Avi Freedman: Notice you.
Zach Smith: You would notice. And it would be," Hey." And so I think that being genuine and vulnerable in that regard for somebody new to career is actually great because most people will then really empathize with that and help. And so it means," Hey, I signed up for something because I'm interested in networking. And I used it and I had a lot of trouble because I don't know these things. And I asked these questions and here's what I learned." That's being open and that's being vulnerable. These are great qualities for new employees. And I think it's also a great way to build your authenticity, which is frankly, what I look for in new to career, is," Do you have the drive? Are you going to think outside the box to come up with, to satisfy your questions, and are you genuine? Do you want it? Is this important to you?" And if so, man, we can, we can impart lots of knowledge. That's not going to be a problem.
Avi Freedman: We look for passion especially early career in something. What's the thing? It doesn't have to be networking or technology.
Zach Smith: It could be customers. It could be-
Avi Freedman: Yeah. Or music, or-
Zach Smith: Document, I really care about Wiki Mako.
Avi Freedman: ...that thing, or poker or something, the thing which gets someone to," Oh yes, but..." have some opinions with humility, but have that passion and hopefully they can find that.
Zach Smith: I think there's a great op... Like in the old world of ISPs doing the tech support, customer service, I think it's just an awesome opportunity to start your career in customer success, where it's really about being with people and being interested in the product that you're representing and the customers and what they're trying to do with it.
Avi Freedman: And their life.
Zach Smith: There's so much opportunity in customer success right now because all of sales is transitioning from this sales led motion to success led where being deeply passionate about helping people use the thing is the game. And so that is just a great entry level, where you don't have to be in sales. You have to get into that, but you can be in the," Let me help people." And such a great way to learn and interact a dozen times a day or whatever, with people trying to use a technical product. So I think there's a lot of new opportunities as tech moves from just being the tech side of thing to tech- enabled sales and tech- enabled success and tech- enabled marketing and tech- enabled content. So pretty cool.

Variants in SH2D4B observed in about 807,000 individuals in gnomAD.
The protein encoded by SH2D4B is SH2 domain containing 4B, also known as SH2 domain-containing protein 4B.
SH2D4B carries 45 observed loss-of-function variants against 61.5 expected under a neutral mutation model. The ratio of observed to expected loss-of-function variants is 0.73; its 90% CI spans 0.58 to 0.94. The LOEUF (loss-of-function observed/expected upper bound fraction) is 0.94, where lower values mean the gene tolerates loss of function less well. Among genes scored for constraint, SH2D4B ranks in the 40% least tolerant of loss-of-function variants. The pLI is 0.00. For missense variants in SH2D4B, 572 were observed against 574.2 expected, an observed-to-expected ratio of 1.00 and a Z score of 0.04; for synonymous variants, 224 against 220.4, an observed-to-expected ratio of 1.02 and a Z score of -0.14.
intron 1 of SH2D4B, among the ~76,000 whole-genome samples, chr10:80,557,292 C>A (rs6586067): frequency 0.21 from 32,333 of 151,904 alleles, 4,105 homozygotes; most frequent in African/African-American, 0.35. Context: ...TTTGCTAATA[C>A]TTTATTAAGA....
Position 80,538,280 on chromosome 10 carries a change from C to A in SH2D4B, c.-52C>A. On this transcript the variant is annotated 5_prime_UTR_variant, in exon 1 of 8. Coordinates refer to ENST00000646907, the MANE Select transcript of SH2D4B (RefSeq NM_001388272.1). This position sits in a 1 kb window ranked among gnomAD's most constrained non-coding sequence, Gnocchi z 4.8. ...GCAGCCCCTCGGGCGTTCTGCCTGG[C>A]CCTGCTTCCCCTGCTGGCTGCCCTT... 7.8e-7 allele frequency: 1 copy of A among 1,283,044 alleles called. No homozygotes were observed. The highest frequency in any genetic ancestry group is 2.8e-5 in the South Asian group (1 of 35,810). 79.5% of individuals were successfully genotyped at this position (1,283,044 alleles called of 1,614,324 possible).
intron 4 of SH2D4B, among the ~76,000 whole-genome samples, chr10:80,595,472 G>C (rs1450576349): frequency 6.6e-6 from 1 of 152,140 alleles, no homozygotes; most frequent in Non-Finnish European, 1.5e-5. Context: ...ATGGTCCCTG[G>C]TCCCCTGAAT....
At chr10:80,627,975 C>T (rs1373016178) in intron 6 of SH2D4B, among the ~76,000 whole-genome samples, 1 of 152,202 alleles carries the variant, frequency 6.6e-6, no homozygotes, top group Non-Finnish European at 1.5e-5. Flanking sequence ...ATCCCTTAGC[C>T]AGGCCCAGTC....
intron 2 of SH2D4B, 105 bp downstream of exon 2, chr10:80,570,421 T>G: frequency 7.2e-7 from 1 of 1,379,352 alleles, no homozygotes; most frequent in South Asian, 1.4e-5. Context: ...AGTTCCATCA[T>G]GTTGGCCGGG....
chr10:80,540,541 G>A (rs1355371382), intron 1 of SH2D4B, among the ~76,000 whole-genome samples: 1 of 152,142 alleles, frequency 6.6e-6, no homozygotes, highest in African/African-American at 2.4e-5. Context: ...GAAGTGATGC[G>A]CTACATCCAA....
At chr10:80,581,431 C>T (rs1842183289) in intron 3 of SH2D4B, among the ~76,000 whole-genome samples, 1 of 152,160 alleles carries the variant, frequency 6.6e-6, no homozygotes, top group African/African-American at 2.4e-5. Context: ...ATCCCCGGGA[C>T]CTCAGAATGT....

Avi Freedman: Absolutely. Even product and design, which is," How can we make this easier for people?" The platonic ideal is every support ticket is a bug. In practice, we don't... with enough functionality sometimes you can't actually do that. People have disagreements. But I think maybe we could do better as an industry on SaaS side too. And again, Packet was sort of... Yes, it was SaaS principles, but towards crosstalk-
Zach Smith: Yeah, SaaS- ish.
Avi Freedman: ...helping people understand what is the map of a SaaS company and what are the skills and overlaps? I'll definitely think about that as we do recruiting.
Zach Smith: Oh, and if you're listening to this and you're a new to career, just reach out to Avi or me on LinkedIn and bug us, because we will probably reply because that's something we do and don't feel shame to do that anywhere. Reach up, hold your hand and say," I want to learn more," and you'll probably get a fairly positive response.
Avi Freedman: Happy to do an intro. It might not be exactly our field. Well, we'll do it at the end also, but how should people reach you if they can't, if they're listening to this and need to reach you right now?
Zach Smith: The snail mail at... No, I'm just kidding. I'm on Twitter, zsmithnyc. Or, I'm on LinkedIn, which is zsmith. I managed to get that one. Both of those are the best. You can also find me in lower Manhattan, generally around, I drink coffee. So I'm usually at a coffee shop or something.
Avi Freedman: Quickly, crosstalk is not in lower Manhattan nor is hill country barbecue.